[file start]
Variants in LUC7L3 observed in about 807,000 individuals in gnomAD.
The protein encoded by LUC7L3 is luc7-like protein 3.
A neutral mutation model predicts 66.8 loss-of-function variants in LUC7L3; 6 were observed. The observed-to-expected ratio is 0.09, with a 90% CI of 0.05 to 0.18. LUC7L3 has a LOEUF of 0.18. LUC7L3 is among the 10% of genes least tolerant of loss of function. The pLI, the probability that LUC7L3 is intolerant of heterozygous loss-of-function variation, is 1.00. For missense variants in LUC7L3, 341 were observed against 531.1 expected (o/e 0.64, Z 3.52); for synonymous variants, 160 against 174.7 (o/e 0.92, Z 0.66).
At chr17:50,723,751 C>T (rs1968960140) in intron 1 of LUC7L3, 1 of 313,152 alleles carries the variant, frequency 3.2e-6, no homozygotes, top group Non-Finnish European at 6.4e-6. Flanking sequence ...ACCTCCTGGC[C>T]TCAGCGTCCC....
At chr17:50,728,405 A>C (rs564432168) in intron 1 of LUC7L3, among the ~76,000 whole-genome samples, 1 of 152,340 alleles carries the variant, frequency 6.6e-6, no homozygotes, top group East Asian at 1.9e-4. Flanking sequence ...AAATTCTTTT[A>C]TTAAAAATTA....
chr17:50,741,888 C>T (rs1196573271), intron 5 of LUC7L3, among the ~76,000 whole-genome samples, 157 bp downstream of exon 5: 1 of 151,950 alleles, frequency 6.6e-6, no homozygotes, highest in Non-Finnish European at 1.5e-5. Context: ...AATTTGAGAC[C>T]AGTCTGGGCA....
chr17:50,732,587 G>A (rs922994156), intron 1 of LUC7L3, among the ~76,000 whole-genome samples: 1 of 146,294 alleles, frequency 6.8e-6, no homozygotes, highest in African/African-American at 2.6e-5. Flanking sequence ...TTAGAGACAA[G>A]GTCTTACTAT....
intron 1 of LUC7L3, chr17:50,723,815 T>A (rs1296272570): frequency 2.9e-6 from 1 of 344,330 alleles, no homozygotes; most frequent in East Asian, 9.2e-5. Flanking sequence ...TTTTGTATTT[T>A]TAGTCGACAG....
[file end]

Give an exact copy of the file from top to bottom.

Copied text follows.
Variants in LUC7L3 observed in about 807,000 individuals in gnomAD.
The protein encoded by LUC7L3 is luc7-like protein 3.
A neutral mutation model predicts 66.8 loss-of-function variants in LUC7L3; 6 were observed. The observed-to-expected ratio is 0.09, with a 90% CI of 0.05 to 0.18. LUC7L3 has a LOEUF of 0.18. LUC7L3 is among the 10% of genes least tolerant of loss of function. The pLI, the probability that LUC7L3 is intolerant of heterozygous loss-of-function variation, is 1.00. For missense variants in LUC7L3, 341 were observed against 531.1 expected (o/e 0.64, Z 3.52); for synonymous variants, 160 against 174.7 (o/e 0.92, Z 0.66).
At chr17:50,723,751 C>T (rs1968960140) in intron 1 of LUC7L3, 1 of 313,152 alleles carries the variant, frequency 3.2e-6, no homozygotes, top group Non-Finnish European at 6.4e-6. Flanking sequence ...ACCTCCTGGC[C>T]TCAGCGTCCC....
At chr17:50,728,405 A>C (rs564432168) in intron 1 of LUC7L3, among the ~76,000 whole-genome samples, 1 of 152,340 alleles carries the variant, frequency 6.6e-6, no homozygotes, top group East Asian at 1.9e-4. Flanking sequence ...AAATTCTTTT[A>C]TTAAAAATTA....
chr17:50,741,888 C>T (rs1196573271), intron 5 of LUC7L3, among the ~76,000 whole-genome samples, 157 bp downstream of exon 5: 1 of 151,950 alleles, frequency 6.6e-6, no homozygotes, highest in Non-Finnish European at 1.5e-5. Context: ...AATTTGAGAC[C>T]AGTCTGGGCA....
chr17:50,732,587 G>A (rs922994156), intron 1 of LUC7L3, among the ~76,000 whole-genome samples: 1 of 146,294 alleles, frequency 6.8e-6, no homozygotes, highest in African/African-American at 2.6e-5. Flanking sequence ...TTAGAGACAA[G>A]GTCTTACTAT....
intron 1 of LUC7L3, chr17:50,723,815 T>A (rs1296272570): frequency 2.9e-6 from 1 of 344,330 alleles, no homozygotes; most frequent in East Asian, 9.2e-5. Flanking sequence ...TTTTGTATTT[T>A]TAGTCGACAG....